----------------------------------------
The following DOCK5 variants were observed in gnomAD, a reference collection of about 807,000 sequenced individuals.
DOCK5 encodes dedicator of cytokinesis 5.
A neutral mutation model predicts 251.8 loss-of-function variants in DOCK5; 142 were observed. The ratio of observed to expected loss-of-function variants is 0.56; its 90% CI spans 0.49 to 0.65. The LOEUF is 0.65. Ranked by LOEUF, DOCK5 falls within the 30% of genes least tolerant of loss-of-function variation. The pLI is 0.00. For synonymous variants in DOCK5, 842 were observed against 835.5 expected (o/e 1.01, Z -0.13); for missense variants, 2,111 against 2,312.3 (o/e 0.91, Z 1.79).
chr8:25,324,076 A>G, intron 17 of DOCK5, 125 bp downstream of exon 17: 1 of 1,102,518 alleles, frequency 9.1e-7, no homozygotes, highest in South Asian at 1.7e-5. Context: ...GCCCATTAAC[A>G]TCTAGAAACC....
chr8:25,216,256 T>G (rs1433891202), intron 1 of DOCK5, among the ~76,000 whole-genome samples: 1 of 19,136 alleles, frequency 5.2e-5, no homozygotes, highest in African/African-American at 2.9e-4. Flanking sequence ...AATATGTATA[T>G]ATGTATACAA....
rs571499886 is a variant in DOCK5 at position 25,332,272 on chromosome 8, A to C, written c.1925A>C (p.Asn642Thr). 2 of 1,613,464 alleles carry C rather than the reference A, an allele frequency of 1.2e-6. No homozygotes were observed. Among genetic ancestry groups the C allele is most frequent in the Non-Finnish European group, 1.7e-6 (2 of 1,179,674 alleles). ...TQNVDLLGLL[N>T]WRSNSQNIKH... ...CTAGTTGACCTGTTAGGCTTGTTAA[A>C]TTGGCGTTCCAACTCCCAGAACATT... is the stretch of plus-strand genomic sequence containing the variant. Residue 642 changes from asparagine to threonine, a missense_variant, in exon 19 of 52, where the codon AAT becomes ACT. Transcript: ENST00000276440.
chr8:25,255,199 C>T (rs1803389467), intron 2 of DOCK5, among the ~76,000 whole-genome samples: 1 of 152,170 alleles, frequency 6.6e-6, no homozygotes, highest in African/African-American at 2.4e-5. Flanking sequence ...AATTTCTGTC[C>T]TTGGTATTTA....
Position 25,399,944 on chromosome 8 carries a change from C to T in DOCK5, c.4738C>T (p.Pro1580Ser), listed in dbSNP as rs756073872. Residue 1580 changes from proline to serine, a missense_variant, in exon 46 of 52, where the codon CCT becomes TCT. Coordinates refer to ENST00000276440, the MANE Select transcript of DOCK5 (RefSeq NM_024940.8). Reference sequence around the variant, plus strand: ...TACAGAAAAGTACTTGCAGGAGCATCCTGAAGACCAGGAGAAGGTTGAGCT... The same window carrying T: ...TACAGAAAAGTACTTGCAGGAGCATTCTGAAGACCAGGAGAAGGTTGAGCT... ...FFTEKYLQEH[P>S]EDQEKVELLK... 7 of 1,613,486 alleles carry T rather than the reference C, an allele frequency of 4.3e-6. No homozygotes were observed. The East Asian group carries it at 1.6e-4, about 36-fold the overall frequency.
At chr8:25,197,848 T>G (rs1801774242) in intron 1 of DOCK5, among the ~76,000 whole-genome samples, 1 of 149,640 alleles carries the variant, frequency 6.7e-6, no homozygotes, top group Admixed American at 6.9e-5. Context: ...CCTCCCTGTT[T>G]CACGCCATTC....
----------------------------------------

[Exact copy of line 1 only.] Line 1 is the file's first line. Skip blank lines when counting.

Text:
The following DOCK5 variants were observed in gnomAD, a reference collection of about 807,000 sequenced individuals.